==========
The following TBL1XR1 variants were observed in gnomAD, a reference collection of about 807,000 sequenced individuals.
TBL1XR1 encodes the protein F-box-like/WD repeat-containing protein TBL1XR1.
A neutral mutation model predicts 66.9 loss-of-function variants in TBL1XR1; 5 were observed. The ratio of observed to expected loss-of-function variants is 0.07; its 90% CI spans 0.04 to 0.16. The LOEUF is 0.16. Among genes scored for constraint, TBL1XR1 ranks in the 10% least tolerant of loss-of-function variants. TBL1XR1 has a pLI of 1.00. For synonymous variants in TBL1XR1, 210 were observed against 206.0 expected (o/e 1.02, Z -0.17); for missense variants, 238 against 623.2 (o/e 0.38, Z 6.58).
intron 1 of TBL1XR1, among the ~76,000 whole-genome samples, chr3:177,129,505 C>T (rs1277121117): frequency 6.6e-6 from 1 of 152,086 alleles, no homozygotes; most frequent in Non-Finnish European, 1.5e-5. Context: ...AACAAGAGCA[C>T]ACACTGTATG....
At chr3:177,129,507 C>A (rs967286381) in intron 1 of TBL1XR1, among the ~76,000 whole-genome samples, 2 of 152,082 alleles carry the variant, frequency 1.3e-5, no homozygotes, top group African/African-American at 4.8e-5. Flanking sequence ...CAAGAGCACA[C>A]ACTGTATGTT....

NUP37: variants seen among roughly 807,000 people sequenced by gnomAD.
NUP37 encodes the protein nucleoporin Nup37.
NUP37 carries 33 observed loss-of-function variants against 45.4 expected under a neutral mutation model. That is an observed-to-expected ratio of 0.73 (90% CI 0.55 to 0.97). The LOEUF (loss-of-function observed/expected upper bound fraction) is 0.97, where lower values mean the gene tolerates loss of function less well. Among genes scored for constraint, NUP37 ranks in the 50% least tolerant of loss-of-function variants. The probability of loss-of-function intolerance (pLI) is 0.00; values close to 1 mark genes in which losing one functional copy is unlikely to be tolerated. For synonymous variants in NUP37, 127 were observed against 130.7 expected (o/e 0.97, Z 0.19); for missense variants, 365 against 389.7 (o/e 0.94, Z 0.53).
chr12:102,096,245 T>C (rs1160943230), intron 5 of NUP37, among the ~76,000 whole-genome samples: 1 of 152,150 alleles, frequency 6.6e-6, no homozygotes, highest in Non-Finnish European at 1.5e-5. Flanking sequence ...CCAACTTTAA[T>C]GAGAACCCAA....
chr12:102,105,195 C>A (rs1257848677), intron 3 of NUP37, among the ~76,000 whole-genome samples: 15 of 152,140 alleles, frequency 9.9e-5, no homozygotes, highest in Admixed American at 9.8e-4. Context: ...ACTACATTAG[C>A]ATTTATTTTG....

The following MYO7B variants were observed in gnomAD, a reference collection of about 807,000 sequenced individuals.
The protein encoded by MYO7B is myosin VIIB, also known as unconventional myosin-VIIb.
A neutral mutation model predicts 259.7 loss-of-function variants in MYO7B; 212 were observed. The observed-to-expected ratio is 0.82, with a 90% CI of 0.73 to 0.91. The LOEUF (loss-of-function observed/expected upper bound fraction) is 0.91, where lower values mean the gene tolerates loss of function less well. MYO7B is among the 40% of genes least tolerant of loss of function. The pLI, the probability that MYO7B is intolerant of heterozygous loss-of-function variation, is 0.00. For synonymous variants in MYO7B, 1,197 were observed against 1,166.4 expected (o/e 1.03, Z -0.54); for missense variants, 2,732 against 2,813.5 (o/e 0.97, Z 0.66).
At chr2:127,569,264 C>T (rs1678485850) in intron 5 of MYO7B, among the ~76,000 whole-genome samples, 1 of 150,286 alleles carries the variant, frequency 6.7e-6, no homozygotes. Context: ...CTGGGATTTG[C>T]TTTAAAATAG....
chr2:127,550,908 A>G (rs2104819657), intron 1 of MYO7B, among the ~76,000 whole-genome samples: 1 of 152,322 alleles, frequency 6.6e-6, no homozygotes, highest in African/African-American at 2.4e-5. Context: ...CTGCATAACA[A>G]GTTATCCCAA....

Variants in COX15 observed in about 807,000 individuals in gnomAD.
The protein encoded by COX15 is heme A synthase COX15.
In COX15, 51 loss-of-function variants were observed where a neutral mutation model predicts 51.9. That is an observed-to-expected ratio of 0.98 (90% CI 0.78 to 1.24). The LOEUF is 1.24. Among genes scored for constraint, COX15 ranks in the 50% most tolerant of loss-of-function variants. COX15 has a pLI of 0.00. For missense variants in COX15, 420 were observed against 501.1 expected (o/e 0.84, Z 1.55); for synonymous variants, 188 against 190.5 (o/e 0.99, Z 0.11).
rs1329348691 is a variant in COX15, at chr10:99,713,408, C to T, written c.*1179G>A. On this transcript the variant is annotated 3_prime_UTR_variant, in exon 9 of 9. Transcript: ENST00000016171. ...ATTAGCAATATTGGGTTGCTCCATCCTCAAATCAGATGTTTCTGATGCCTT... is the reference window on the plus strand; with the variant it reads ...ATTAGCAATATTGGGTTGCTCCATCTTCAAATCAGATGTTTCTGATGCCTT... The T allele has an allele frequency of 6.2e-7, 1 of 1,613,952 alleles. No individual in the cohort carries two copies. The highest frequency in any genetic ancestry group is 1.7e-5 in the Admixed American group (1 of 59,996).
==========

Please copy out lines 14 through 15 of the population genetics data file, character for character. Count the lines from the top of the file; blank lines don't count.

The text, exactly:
At chr2:127,569,264 C>T (rs1678485850) in intron 5 of MYO7B, among the ~76,000 whole-genome samples, 1 of 150,286 alleles carries the variant, frequency 6.7e-6, no homozygotes. Context: ...CTGGGATTTG[C>T]TTTAAAATAG....
chr2:127,550,908 A>G (rs2104819657), intron 1 of MYO7B, among the ~76,000 whole-genome samples: 1 of 152,322 alleles, frequency 6.6e-6, no homozygotes, highest in African/African-American at 2.4e-5. Context: ...CTGCATAACA[A>G]GTTATCCCAA....